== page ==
I visited Chillicothe, Ohio, last Monday evening, to deliver a presentation to the Scioto Valley Bird & Nature Club. It's always a treat to visit this city, which is steeped in Ohio history. Chillicothe was our first capital, and then after a brief peregrination to Zanesville for two years, it again served as capital for about five more years. In 1816 the legislature voted to shift the capital north to Columbus, my hometown, and for better or worse it's been the same ever since.
Chillicothe's home county of Ross is incredibly biodiverse. The Appalachian foothills taper out into the glaciated plains to the west here, meaning that there is lots of topographic variation. Interesting habitats abound, and after the talk to the club, several us went out for a nocturnal prowl at Buzzard's Roost Preserve. This sprawling 1,200 acre woodland lies along Paint Creek just west of Chillicothe, and I've never failed to find interesting subjects there.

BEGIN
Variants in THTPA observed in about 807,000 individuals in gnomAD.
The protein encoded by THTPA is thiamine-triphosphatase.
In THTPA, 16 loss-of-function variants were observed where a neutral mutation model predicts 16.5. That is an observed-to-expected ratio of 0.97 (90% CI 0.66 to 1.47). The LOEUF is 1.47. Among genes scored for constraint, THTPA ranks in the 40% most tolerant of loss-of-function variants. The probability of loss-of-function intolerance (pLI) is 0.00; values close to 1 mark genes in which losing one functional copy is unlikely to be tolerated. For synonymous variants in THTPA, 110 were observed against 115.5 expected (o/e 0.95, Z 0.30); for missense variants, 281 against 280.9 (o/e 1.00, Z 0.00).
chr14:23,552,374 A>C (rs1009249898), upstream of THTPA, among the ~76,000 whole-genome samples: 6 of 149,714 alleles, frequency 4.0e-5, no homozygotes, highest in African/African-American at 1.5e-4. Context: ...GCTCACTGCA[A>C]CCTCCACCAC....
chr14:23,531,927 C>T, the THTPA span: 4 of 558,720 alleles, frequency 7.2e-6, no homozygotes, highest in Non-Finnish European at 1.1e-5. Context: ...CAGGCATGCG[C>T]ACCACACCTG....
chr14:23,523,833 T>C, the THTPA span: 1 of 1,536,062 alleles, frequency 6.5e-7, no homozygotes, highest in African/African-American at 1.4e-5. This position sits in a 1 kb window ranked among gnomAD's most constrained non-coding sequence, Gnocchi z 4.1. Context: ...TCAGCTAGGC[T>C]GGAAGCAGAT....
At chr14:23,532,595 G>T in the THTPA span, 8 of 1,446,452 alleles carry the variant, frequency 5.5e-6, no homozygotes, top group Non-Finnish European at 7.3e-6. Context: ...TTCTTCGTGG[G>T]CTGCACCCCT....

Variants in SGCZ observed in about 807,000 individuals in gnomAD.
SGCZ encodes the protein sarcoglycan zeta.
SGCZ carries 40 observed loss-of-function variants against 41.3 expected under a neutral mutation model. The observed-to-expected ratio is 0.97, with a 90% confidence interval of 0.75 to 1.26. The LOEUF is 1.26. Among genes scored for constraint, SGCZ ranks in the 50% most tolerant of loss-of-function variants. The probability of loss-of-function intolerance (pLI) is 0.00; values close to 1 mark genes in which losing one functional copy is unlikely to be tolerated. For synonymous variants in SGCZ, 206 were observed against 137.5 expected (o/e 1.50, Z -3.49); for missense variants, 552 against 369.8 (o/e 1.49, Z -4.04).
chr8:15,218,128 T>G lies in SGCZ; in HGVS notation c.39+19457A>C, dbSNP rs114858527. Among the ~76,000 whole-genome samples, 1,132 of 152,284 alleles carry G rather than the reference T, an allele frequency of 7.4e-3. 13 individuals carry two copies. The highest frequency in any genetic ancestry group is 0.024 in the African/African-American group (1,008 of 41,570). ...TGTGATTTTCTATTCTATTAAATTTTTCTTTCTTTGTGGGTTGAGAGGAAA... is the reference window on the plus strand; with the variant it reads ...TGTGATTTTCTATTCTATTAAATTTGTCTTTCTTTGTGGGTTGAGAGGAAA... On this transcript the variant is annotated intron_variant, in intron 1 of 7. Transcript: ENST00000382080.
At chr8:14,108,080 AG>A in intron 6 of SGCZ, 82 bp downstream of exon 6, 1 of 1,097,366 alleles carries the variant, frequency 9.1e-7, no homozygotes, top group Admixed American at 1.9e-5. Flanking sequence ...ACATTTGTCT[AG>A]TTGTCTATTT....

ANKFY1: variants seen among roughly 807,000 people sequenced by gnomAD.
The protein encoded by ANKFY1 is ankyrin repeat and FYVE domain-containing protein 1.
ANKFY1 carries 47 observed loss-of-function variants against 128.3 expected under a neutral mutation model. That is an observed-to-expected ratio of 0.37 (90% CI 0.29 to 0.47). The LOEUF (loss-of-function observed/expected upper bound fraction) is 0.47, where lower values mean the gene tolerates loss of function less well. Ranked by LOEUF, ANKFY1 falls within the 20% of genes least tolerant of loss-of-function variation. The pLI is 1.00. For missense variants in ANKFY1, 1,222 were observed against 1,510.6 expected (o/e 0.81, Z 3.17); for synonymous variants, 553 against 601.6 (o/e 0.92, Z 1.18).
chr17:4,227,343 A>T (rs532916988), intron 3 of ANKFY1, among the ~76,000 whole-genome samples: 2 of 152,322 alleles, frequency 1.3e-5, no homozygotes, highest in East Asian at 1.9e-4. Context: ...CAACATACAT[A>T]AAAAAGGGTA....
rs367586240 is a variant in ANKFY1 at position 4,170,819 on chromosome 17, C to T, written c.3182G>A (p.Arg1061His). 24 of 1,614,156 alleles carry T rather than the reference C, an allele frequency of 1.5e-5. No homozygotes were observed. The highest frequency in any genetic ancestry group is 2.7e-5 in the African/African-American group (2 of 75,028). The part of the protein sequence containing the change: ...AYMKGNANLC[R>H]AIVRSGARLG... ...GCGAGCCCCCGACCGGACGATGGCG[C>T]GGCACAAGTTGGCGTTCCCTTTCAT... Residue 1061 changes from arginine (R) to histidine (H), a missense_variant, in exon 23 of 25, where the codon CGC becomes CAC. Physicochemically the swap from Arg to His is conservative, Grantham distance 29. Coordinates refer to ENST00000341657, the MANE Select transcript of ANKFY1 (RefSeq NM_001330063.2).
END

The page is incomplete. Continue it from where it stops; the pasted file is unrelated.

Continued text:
As always, it was a treat to visit the club, and catch up with people I've known a long time but don't often get to see. After all was said and done, Kelly Williams, Joe Letsche, Michelle Ward, Debbie and Gary McFadden, Tiffany Pritchard, Lisa Ratcliff, Brandan Gray and yours truly made the short trip over to the "Roost" (apologies if I'm forgetting anyone!). It was the best nocturnal foray I've had in a while; we found piles of interesting animals. The caterpillars were over the top, and perhaps I'll get around to sharing some of them. For now, though, I will confine my bloviations to one of our coolest serpents.
This animal was found in just about exactly the same type of situation that the rest of the ones that I've seen have been in - head-high tangles of dense growth, in this case scrubby black locust and grapevines.
Thanks to Joe for guiding us into Buzzard's Roost after dark, and to everyone else who came along and helped spot many interesting creatures.